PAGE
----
The driving requirements for The Wordinator WORDINATOR come from Municode, Inc's need to provide Microsoft Word versions of the municipal codes they publish to HTML such that for any chosen section of a municipality's code, the user of the HTML can download a high-quality Word version of what they are reading. The Word documents may be statically generated as part of the HTML publishing process or generated on demand by the web server that provides the HTML versions of the code.[1]

This requirement stems from the fact that the people working on municipal code almost invariably do their work in Microsoft Word. Almost without exception, reviews of and revisions to muncipal code that are not done on printed paper are done in Word.

More generally, Microsoft Word is a de facto standard for document viewing and printing in many organizations and for many private individuals. For example, the U.S. Government Accountability Office uses Microsoft Word for all the drafts of its reports (the reports are either published directly from their Word drafts or imported into the GAO's authoring management system as XML generated from the Word documents). GAO also uses Word as an intermediate format for producing accessible PDFs of their reports.

In many commercial publishing contexts Word is likewise used as the primary or only format for drafts of publications as they are developed, even when the publications themselves will be put into an XML format for final pre-publication preparation and publishing.

Another general requirement is using Word as a page composition engine. For example, in the DITA community the ability to print DITA documents using Microsoft Word would serve the needs of many small organizations that do not have the time or resources to customize the DITA community’s main open-source pagination tool or cannot afford other commercial tools.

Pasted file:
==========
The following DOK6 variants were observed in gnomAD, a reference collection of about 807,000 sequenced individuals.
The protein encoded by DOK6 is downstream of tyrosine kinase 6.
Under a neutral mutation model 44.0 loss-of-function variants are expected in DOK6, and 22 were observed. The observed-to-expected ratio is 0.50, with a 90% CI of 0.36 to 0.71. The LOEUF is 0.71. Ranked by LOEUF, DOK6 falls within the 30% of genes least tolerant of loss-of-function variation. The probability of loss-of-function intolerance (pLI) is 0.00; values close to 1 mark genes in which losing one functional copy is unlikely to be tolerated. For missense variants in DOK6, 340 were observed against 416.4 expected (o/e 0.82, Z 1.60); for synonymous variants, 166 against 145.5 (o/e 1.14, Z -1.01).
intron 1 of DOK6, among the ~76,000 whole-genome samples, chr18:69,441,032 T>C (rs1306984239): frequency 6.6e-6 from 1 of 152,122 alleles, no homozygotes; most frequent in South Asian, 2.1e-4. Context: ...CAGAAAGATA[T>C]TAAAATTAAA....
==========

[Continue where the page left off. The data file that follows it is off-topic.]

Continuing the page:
While it is not difficult to generate Microsoft's DOCX format using typical XML processing tools, it is a challenge to generate it correctly and with high quality such that the Word documents accurately reflect all of the structures and layout features required for a given document (to the degree that Word can support those layout requirements).

DOCX is an XML-based format optimized for the representation of the internal structures used by word processors, spread sheets, and so on. The XML files are packaged into a Zip file that then forms the working DOCX file. DOCX is standardized as ECMA International standard ECMA-376 Office Open XML File Formats ECMA-376-1.

As an XML format, it is of course possible to generate Office Open XML directly using XSLT and a number of tools do that, including a plug-in for the DITA Open Toolkit ELOVIRTA. However, the markup generated is highly detailed and requires managing a number of low-level concerns, such as ID-based references among different files, the detailed rules for the construction of specific components, and so on. It is easy to get this markup wrong due to the complexity of the markup itself and the vagaries of how it is processed by Microsoft Word.

In the context of Municode's requirements, the need was for Word documents that matched, as closely as possible, the visual layout of the municipal code as published in HTML and PDF, as well as ensuring that all content was correctly reflected, enabling working hyperlinks, generated tables of contents, and so on. In addition, the visual style of the generated Word documents could potentially vary from municipality to municipality, indicating the need for easy-to-configure styling and content organization details.

Municode, like many publishers, was putting in place a general XML-based system for producing multiple outputs from a single XML source, meaning that the core XML processing tools (in particular the Saxon XSLT engine) were available for use for Word generation as well.